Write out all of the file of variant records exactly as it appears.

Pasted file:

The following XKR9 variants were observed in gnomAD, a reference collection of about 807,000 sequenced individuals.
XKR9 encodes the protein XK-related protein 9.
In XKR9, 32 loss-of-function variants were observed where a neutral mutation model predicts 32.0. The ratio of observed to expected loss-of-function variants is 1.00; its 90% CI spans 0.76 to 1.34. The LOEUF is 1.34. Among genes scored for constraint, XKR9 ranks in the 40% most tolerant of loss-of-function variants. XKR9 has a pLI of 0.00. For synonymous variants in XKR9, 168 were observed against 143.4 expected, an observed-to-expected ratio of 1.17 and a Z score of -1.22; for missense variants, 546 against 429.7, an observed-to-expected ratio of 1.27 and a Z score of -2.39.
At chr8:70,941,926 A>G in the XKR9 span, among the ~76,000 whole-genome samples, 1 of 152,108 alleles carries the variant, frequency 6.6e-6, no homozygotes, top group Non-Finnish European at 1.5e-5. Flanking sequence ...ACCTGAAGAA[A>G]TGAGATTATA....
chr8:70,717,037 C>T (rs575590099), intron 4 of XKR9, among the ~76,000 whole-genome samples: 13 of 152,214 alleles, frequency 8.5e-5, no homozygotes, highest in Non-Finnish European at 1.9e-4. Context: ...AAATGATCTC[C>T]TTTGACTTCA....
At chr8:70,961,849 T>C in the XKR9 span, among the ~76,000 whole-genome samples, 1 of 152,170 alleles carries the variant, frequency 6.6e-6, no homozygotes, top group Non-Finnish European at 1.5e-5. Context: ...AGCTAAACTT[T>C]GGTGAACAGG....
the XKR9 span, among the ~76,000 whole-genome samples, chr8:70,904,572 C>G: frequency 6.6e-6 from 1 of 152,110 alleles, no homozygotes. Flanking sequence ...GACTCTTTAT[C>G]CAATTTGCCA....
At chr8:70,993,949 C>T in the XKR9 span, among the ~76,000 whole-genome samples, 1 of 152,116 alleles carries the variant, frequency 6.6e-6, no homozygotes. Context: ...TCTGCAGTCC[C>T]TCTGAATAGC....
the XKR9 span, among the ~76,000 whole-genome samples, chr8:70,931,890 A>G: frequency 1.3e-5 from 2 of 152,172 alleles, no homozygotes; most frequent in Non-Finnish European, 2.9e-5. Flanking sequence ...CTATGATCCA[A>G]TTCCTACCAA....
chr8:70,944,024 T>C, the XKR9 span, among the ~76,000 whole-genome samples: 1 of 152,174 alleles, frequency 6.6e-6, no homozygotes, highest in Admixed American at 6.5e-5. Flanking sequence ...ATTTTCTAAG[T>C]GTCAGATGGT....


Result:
The following XKR9 variants were observed in gnomAD, a reference collection of about 807,000 sequenced individuals.
XKR9 encodes the protein XK-related protein 9.
In XKR9, 32 loss-of-function variants were observed where a neutral mutation model predicts 32.0. The ratio of observed to expected loss-of-function variants is 1.00; its 90% CI spans 0.76 to 1.34. The LOEUF is 1.34. Among genes scored for constraint, XKR9 ranks in the 40% most tolerant of loss-of-function variants. XKR9 has a pLI of 0.00. For synonymous variants in XKR9, 168 were observed against 143.4 expected, an observed-to-expected ratio of 1.17 and a Z score of -1.22; for missense variants, 546 against 429.7, an observed-to-expected ratio of 1.27 and a Z score of -2.39.
At chr8:70,941,926 A>G in the XKR9 span, among the ~76,000 whole-genome samples, 1 of 152,108 alleles carries the variant, frequency 6.6e-6, no homozygotes, top group Non-Finnish European at 1.5e-5. Flanking sequence ...ACCTGAAGAA[A>G]TGAGATTATA....
chr8:70,717,037 C>T (rs575590099), intron 4 of XKR9, among the ~76,000 whole-genome samples: 13 of 152,214 alleles, frequency 8.5e-5, no homozygotes, highest in Non-Finnish European at 1.9e-4. Context: ...AAATGATCTC[C>T]TTTGACTTCA....
At chr8:70,961,849 T>C in the XKR9 span, among the ~76,000 whole-genome samples, 1 of 152,170 alleles carries the variant, frequency 6.6e-6, no homozygotes, top group Non-Finnish European at 1.5e-5. Context: ...AGCTAAACTT[T>C]GGTGAACAGG....
the XKR9 span, among the ~76,000 whole-genome samples, chr8:70,904,572 C>G: frequency 6.6e-6 from 1 of 152,110 alleles, no homozygotes. Flanking sequence ...GACTCTTTAT[C>G]CAATTTGCCA....
At chr8:70,993,949 C>T in the XKR9 span, among the ~76,000 whole-genome samples, 1 of 152,116 alleles carries the variant, frequency 6.6e-6, no homozygotes. Context: ...TCTGCAGTCC[C>T]TCTGAATAGC....
the XKR9 span, among the ~76,000 whole-genome samples, chr8:70,931,890 A>G: frequency 1.3e-5 from 2 of 152,172 alleles, no homozygotes; most frequent in Non-Finnish European, 2.9e-5. Flanking sequence ...CTATGATCCA[A>G]TTCCTACCAA....
chr8:70,944,024 T>C, the XKR9 span, among the ~76,000 whole-genome samples: 1 of 152,174 alleles, frequency 6.6e-6, no homozygotes, highest in Admixed American at 6.5e-5. Flanking sequence ...ATTTTCTAAG[T>C]GTCAGATGGT....